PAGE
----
At operation 808, the topology module 712 of the PCI express interface 710 determines a virtual communications device (e.g., a virtual NIC) associated with the target network address. At operation 810, the host address range detector 714 determines the host address range associated with the determined virtual communications device. An interrupt resource detector 716 may then determine an interrupt resource associated with the virtual communications device at operation 812. The method then proceeds to operation 814. At operation 814, the host communications module 718 communicates the message to the host server, the message to be processed in the determined host address range.
The method 900 to create a topology may be performed by processing logic that may comprise hardware (e.g., dedicated logic, programmable logic, microcode, etc.), software (such as run on a general purpose computer system or a dedicated machine), or a combination of both. In one example embodiment, the method 900 may be performed by the various modules discussed above with reference to
As shown in
At operation 908, the control is passed to the configuration module 730. The device generator 734 generates a PCI Express configuration header of the determined type for the requested virtual device. The device generator 734 then stores the generated PCI Express configuration header in the topology storage module 740, at operation 910. At operation 912, the generated PCI Express configuration header is associated with an address range in the memory of the host server.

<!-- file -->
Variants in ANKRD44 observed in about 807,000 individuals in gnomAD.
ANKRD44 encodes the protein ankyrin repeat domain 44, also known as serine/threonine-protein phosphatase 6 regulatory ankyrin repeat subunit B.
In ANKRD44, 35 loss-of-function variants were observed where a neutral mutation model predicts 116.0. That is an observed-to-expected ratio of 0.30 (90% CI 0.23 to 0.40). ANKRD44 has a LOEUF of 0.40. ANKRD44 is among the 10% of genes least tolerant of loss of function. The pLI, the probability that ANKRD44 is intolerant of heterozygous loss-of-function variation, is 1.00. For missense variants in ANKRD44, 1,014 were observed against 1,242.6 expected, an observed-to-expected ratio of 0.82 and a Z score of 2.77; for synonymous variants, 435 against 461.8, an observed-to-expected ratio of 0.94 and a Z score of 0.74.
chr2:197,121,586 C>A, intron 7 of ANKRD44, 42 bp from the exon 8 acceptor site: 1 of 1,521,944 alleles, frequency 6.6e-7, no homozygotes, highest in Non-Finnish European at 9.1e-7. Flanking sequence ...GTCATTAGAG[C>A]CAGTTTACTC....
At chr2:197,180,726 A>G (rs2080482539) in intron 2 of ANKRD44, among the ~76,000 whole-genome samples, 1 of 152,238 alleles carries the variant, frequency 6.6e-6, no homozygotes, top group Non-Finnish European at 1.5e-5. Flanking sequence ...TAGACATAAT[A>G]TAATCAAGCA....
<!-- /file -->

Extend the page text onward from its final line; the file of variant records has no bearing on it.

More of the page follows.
In one example embodiment, a request to create a virtual communications device in the PCI Express topology may be referred to as a management command and may be directed to a management CPU.
The example computer system 1100 includes a processor 1102 (e.g., a central processing unit (CPU), a graphics processing unit (GPU) or both), a main memory 11104 and a static memory 1106, which communicate with each other via a bus 1108. The computer system 1100 may further include a video display unit 1110 (e.g., a liquid crystal display (LCD) or a cathode ray tube (CRT)). The computer system 1100 also includes an alphanumeric input device 1112 (e.g., a keyboard), optionally a user interface (UI) navigation device 1114 (e.g., a mouse), optionally a disk drive unit 1116, a signal generation device 1118 (e.g., a speaker) and a network interface device 1120.
The disk drive unit 1116 includes a machine-readable medium 1122 on which is stored one or more sets of instructions and data structures (e.g., software 1124) embodying or utilized by any one or more of the methodologies or functions described herein. The software 1124 may also reside, completely or at least partially, within the main memory 1104 and/or within the processor 1102 during execution thereof by the computer system 1100, the main memory 1104 and the processor 1102 also constituting machine-readable media.